I’ve written in the past about my interaction with 42Projects and Trust 2.0, a pair of closely-related grassroots programs at Microsoft. (See my article on Microsoft’s Trust 2.0 Initiative.)
The goal of 42Projects and Trust 2.0 is to promote greater innovation by strategically and purposefully building trust.
Yesterday I had lunch with Ross Smith, the architect behind this effort, and Brian Lounsberry, one of the first at Microsoft to see the potential of the concept. Three years into the initiative, I wanted to find out if higher trust was indeed yielding greater innovation.
Ross answered with an unequivocal "Yes!" He cited example after example to substantiate the correlation between high trust and expanded innovation within his team. Then our conversation turned to specific techniques that the team has used to enhance trust.
One method particularly intrigued me. They call it "Trust Subversion Analysis." Instead of focusing on what builds trust, this approach focuses on behaviors that subvert it. Armed with this analysis, the team then establishes an alternate set of behaviors to replace the subversive ones.
Why this approach? Because it’s often easier to identify the essence of a quality if we examine what happens when it’s missing.
To make this analysis more meaningful, the team decided to deal with only one aspect of trust-building at a time. They began with the need to foster an atmosphere of respect.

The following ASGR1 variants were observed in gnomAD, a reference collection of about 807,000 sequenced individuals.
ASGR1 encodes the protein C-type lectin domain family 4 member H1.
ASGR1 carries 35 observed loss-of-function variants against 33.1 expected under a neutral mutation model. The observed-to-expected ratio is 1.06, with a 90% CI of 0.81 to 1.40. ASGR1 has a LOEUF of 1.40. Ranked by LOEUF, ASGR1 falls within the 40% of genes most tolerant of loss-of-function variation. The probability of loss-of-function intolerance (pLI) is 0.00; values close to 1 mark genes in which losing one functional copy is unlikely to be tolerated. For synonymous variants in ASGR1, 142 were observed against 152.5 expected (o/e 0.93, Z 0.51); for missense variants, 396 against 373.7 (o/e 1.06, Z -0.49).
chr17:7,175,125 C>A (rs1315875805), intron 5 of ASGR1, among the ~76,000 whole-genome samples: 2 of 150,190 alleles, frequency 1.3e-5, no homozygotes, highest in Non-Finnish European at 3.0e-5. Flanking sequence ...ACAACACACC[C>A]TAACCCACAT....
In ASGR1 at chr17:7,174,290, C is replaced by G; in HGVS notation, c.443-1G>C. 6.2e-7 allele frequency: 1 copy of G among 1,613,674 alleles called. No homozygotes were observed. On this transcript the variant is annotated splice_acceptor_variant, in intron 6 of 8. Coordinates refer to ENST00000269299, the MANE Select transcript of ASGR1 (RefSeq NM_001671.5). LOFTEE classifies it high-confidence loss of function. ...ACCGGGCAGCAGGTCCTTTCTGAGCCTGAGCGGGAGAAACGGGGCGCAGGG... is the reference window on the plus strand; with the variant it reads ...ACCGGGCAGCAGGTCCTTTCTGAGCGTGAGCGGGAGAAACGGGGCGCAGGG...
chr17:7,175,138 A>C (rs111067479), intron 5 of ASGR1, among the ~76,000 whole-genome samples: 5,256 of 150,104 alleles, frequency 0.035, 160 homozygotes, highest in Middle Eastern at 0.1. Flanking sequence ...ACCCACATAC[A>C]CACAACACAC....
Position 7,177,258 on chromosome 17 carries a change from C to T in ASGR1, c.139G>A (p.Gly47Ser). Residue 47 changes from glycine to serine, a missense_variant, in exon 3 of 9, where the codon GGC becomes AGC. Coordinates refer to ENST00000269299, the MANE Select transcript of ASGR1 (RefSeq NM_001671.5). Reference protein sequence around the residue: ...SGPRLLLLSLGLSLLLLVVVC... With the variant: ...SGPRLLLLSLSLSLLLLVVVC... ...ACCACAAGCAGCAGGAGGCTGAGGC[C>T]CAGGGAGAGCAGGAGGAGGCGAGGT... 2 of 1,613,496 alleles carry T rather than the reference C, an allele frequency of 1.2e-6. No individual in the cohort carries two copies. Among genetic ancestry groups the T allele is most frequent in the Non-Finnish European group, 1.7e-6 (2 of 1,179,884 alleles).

Rather than listing behaviors that communicate respect, they compiled a list of behaviors that leave people feeling disrespected. This list quickly became extensive.
Each team member then identified the three behaviors from the list that he or she had noticed most often in team meetings. When the results were tallied, the three most common subversive behaviors were 1) dominating the conversation; 2) not being inclusive; and 3) not listening or paying attention.
The team then flipped these behaviors around — reversed them so to speak — to create a set of behavioral standards for themselves. The desired behaviors became 1) Don’t dominate; 2) Be inclusive; and 3) Pay attention/listen.
For each of these standards the team spelled out specific behaviors that they would expect of themselves. These behaviors have become rules of engagement for team interaction.
Ross and his colleagues are writing extensively about their experience. When their assessment is published, I hope to provide links to their seminal work both here and at TrustIsPower.com.
I’ve shared this preliminary summary because their methodology is so simple and straightforward that any organization can do something similar. You don’t need to start with respect. Feel free to pick some other aspect of trust-building. If your results are anything like the outcomes on Ross’ team, the exercise will clearly be worth the effort.
Incidentally, if you are interested in knowing more about what Ross and his team have done, check out the 42 Projects web site.